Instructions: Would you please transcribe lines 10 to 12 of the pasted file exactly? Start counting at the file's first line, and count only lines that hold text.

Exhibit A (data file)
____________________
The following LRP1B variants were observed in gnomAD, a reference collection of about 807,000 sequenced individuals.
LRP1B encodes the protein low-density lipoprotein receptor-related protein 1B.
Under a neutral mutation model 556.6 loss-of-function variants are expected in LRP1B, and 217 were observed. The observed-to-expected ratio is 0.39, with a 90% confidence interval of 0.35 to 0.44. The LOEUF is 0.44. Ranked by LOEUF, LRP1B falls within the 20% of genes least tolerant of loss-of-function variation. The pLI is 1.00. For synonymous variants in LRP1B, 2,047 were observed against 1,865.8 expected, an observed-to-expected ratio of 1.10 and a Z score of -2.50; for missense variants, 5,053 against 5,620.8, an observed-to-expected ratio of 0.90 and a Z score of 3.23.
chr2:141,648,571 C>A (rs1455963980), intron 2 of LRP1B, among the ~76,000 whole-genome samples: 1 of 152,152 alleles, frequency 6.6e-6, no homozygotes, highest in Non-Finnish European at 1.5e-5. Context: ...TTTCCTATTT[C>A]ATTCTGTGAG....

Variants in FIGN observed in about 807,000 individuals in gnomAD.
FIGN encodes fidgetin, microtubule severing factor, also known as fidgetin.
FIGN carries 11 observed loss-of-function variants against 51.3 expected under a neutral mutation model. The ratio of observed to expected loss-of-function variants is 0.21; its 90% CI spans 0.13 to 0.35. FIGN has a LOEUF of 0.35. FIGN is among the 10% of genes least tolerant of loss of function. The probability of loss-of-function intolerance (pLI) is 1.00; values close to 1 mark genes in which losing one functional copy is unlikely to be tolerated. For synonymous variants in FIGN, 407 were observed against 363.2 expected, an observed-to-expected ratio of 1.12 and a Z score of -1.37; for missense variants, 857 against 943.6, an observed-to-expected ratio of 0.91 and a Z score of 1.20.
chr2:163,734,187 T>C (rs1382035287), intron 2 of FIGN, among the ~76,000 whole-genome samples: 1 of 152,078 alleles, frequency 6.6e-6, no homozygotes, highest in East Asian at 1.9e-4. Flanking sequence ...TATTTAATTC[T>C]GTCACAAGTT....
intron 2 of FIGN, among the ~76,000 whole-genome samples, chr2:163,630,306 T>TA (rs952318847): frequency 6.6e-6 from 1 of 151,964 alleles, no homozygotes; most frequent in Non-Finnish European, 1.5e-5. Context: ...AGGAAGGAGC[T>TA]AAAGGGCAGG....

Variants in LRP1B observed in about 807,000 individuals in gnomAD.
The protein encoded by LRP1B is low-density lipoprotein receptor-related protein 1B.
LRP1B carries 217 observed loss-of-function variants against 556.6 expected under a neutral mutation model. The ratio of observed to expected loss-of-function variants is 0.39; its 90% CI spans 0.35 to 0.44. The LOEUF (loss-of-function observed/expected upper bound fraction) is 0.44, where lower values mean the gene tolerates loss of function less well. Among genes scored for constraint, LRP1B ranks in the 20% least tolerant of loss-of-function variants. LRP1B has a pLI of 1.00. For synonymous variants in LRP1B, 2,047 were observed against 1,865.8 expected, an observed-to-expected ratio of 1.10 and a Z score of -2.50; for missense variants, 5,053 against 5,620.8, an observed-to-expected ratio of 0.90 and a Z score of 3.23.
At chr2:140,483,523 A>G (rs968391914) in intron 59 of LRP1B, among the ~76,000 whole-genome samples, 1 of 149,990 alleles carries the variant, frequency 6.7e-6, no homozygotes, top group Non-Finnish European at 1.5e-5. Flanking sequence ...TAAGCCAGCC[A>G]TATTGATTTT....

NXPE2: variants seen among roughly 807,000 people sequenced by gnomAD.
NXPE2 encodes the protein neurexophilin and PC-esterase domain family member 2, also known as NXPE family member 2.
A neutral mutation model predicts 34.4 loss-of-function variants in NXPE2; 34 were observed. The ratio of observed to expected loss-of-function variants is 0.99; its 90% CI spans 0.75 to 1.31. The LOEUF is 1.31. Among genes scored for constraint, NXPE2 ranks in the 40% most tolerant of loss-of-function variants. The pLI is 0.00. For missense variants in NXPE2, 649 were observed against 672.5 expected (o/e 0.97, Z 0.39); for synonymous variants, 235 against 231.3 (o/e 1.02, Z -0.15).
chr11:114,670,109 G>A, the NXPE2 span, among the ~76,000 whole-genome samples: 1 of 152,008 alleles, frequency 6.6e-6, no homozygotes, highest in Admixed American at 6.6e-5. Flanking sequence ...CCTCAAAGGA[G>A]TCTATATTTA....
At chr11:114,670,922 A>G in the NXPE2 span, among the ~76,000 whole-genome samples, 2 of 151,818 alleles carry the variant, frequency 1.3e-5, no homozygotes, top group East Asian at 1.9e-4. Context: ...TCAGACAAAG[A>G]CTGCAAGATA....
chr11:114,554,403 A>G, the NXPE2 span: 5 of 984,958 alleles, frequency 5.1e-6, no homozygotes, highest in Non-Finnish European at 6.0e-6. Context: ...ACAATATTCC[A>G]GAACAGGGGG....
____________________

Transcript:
Variants in LRP1B observed in about 807,000 individuals in gnomAD.
The protein encoded by LRP1B is low-density lipoprotein receptor-related protein 1B.
LRP1B carries 217 observed loss-of-function variants against 556.6 expected under a neutral mutation model. The ratio of observed to expected loss-of-function variants is 0.39; its 90% CI spans 0.35 to 0.44. The LOEUF (loss-of-function observed/expected upper bound fraction) is 0.44, where lower values mean the gene tolerates loss of function less well. Among genes scored for constraint, LRP1B ranks in the 20% least tolerant of loss-of-function variants. LRP1B has a pLI of 1.00. For synonymous variants in LRP1B, 2,047 were observed against 1,865.8 expected, an observed-to-expected ratio of 1.10 and a Z score of -2.50; for missense variants, 5,053 against 5,620.8, an observed-to-expected ratio of 0.90 and a Z score of 3.23.